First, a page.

The second instalment of a two-part episode usually disappoints to some degree. That’s not to say that the episode in question is bad, but when the stakes are upped to such a high degree, it’s often an anticlimax when it comes to the big finish. In recent years, Doctor Who has sadly failed to capitalise on a strong penultimate episode, with two-part finales like The Big Bang (2010) and Death in Heaven (2014) failing to live up to the hype built up by their preceding first halves.
So after such a tremendous episode last week, you’d forgive us a slight hint of trepidation as we reach the Series 10 finale, the ominously titled The Doctor Falls. With the stakes higher then we’ve ever seen (after all, what’s more intense then an impending regeneration?!), we’ve waited all week with baited breath for what will hopefully turn out to be a terrific conclusion to an equally terrific series…
Simply put, it doesn’t disappoint.
Writer and outgoing showrunner Steven Moffat delivers what may be his best work on the series – strong timey-wimey science fiction with moments of creepy horror (the ‘scarecrow’ Cybermen) and big emotional twists that bring tears to the eyes of anyone watching. The Doctor Falls puts character before conflict, ensuring that the emotional fallout from last week’s events is dealt with and developed appropriately.
The concept of having two versions of the Master together onscreen may take a backseat to the Cyberman threat, but never feels like it’s being forced in. If anything, its a natural progression for both the character and the story, and actors Michelle Gomez and John Simm practically simmer together onscreen. The ongoing arc of Missy’s redemption reaches a satisfying, heartbreaking conclusion, one which encompasses everything we know and love about the Master, thus making the literal-twist of the knife all the more earth-shattering.
As well as this, we also have the fate of Bill, last seen converted into an early Cyberman prototype. Rachel Talalay‘s skill as a director comes to the fore many times throughout the episode, but it’s her constant camera trickery, flitting between human-Bill and Cyberman-Bill, that delivers the big emotional punch of the episode. Moffat‘s script refuses to go for a simple get-out-jail-free option, instead relishing the emotional opportunities such a fate offers, delivering a plethora of powerful and emotional set pieces that truly test the cast and the audience.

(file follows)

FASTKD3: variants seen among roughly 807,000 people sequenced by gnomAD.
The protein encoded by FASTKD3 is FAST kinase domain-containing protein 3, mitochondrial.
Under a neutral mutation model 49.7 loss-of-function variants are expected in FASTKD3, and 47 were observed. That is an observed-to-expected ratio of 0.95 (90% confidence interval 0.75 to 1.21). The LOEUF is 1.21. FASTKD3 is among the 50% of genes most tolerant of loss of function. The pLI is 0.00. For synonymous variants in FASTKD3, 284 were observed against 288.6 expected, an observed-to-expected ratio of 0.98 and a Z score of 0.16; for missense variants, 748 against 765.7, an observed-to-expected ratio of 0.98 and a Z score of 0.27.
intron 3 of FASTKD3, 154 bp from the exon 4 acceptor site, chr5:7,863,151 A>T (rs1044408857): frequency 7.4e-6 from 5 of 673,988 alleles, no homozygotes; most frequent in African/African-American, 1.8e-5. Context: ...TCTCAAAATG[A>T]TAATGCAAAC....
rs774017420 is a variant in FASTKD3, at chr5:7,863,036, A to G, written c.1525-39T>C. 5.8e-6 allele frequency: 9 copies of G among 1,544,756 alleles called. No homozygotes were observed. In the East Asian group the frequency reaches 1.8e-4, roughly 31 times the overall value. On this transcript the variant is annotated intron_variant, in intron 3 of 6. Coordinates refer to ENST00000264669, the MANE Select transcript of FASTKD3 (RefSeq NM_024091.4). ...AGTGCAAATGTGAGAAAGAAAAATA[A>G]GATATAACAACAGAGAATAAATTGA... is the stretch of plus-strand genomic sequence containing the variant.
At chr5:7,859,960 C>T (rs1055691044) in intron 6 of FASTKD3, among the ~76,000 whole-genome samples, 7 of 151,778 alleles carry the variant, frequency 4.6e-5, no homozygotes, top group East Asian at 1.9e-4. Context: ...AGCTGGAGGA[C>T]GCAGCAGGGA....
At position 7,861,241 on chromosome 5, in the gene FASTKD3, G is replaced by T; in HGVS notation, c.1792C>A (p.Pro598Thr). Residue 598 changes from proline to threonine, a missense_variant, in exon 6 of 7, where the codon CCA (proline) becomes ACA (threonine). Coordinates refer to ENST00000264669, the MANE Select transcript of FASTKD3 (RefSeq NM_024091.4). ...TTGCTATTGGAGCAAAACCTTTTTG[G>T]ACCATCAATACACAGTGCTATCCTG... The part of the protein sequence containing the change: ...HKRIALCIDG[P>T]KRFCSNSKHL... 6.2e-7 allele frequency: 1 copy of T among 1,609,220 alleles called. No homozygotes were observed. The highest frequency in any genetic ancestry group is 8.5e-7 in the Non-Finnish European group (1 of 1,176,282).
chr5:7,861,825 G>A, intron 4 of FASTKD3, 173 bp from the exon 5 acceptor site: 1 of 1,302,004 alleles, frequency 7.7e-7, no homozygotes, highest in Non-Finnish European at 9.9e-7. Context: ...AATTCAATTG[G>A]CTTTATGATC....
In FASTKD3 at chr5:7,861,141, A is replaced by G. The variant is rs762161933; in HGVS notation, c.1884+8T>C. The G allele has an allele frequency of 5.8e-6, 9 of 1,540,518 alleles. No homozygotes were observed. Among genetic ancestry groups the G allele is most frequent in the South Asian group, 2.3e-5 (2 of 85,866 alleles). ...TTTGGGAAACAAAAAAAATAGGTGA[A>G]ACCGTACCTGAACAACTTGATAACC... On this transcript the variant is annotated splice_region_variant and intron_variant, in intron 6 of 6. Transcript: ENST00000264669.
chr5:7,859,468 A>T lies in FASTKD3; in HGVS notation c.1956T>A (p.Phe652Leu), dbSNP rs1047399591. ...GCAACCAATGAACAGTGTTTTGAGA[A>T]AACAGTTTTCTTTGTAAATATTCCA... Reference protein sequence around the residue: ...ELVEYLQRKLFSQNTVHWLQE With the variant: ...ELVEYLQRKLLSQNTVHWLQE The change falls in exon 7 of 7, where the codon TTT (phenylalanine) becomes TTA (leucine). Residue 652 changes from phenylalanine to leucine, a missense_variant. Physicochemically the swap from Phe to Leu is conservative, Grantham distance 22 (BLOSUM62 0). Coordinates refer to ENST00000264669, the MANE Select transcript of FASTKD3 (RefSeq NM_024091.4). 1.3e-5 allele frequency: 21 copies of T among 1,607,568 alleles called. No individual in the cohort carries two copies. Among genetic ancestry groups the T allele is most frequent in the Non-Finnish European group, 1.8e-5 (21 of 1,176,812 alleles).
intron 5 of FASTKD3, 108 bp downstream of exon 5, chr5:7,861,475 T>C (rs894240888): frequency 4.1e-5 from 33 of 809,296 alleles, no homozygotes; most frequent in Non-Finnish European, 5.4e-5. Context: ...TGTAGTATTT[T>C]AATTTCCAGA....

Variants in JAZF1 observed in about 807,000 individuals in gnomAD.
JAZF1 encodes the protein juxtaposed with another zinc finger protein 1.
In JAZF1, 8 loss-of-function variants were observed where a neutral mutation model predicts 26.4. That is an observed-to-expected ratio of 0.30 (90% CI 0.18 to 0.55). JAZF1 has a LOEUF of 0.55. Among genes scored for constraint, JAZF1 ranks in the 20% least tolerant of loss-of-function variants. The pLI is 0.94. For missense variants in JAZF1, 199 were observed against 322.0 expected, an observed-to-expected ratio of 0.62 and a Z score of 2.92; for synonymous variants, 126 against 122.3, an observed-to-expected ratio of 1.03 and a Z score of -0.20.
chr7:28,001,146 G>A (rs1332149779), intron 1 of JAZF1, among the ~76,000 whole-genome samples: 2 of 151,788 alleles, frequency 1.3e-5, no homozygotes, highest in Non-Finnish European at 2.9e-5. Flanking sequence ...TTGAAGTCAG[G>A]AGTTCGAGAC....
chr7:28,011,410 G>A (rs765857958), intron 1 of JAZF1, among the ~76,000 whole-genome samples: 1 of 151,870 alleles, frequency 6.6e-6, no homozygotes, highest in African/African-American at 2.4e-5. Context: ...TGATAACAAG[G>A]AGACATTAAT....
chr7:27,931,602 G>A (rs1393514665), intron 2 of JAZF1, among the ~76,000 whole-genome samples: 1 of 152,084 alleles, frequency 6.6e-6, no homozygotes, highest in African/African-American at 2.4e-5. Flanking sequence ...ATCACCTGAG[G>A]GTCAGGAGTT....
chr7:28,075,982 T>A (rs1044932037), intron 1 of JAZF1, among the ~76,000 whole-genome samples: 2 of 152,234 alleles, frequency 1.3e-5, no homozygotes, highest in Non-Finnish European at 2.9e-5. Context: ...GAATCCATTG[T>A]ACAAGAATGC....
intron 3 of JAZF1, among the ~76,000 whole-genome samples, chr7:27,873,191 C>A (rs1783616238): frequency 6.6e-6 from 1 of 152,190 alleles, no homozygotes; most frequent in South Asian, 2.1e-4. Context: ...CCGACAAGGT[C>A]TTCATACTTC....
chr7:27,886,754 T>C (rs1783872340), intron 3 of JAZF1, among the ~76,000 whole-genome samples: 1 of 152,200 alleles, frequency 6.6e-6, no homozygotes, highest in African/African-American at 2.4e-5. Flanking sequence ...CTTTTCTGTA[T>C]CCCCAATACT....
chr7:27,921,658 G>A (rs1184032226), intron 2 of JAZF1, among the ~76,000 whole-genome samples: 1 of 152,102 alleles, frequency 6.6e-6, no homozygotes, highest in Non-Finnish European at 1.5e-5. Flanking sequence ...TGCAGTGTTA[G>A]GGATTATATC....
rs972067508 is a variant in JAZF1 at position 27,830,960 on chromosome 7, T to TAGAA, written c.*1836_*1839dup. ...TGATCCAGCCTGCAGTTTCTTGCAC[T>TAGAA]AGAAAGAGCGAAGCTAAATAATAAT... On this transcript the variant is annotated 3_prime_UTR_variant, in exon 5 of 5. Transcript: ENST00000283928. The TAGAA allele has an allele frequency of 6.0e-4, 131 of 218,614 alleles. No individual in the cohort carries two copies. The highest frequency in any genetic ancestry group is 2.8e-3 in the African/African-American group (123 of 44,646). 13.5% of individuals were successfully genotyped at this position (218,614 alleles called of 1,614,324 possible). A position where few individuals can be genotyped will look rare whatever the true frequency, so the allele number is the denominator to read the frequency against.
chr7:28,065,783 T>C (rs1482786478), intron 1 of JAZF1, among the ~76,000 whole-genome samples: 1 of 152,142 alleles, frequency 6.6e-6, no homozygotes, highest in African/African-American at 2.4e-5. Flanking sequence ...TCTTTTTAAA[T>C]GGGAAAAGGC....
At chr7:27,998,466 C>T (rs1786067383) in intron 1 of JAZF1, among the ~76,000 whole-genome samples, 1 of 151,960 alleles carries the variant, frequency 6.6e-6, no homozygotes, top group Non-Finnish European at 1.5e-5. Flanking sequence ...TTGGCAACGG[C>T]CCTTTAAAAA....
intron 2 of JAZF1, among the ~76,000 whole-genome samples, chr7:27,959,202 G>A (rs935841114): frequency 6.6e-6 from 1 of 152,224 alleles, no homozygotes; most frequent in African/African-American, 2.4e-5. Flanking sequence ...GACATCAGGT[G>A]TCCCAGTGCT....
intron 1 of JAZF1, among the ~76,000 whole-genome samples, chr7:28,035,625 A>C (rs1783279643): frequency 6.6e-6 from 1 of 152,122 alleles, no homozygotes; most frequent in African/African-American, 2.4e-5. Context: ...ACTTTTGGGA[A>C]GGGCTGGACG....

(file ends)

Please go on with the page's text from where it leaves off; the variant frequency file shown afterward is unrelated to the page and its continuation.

It’s testimony to the brilliant Pearl Mackie that Bill has remained such a loveable, funny and engrossing character throughout this run of episodes, and her adorable chemistry with Peter Capaldi certainly helps bring out her best. Her unfortunate conversion is nightmarish and Mackie relishes the chance to put Bill through the ringer. Her final scenes with both the apparently-dead Doctor and Stephanie Hyam as Heather are beautifully underplayed and yet full of so much wonder and warmth, one can’t help but hope that this isn’t the last we’ve seen of Ms. Potts.
But of course, with such a foreboding title, this episode truly belongs to Peter Capaldi. It’s a tour de force performance, full of bravado, optimism, humour and defeated anguish, a masterclass in underselling and underplaying. Capaldi delivers the goods and gives what may well be one of his best performances in the role, especially in his confrontation with the Masters and that epic final scene as he faces down the overwhelming Cyberman hoarde.
Wounded both literally and figuratively, the Twelfth Doctor is faced with a final end, one that he certainly seems to welcome. As he refuses to embrace his impending regeneration, we get to witness possibly Capaldi’s best moment as the Doctor, his heartbreaking weariness personified through fury and indignation. Capaldi is perfection in the role and here it’s apparent to all why. We don’t want him to go.
The Doctor Falls works largely due to its simplicity – ultimately its a story of the Doctor protecting a few children on a farm inside a spaceship from the Cybermen. But lying within this simple set-up is plenty of opportunity for more intimate character moments and devastating dramatic crescendos, plus a few sad but sweet goodbyes peppered in for good measure.
Of course, there’s still one more big goodbye to come – and judging by David Bradley‘s fabulous cameo at the end of the episode, it’s going to be one hell of a farewell! The Doctor Falls puts the pieces in place for a huge final epic. If it’s half as good as this episode, then its safe to say the Twelfth Doctor era (and the Moffat era) will wrap up in suitable style.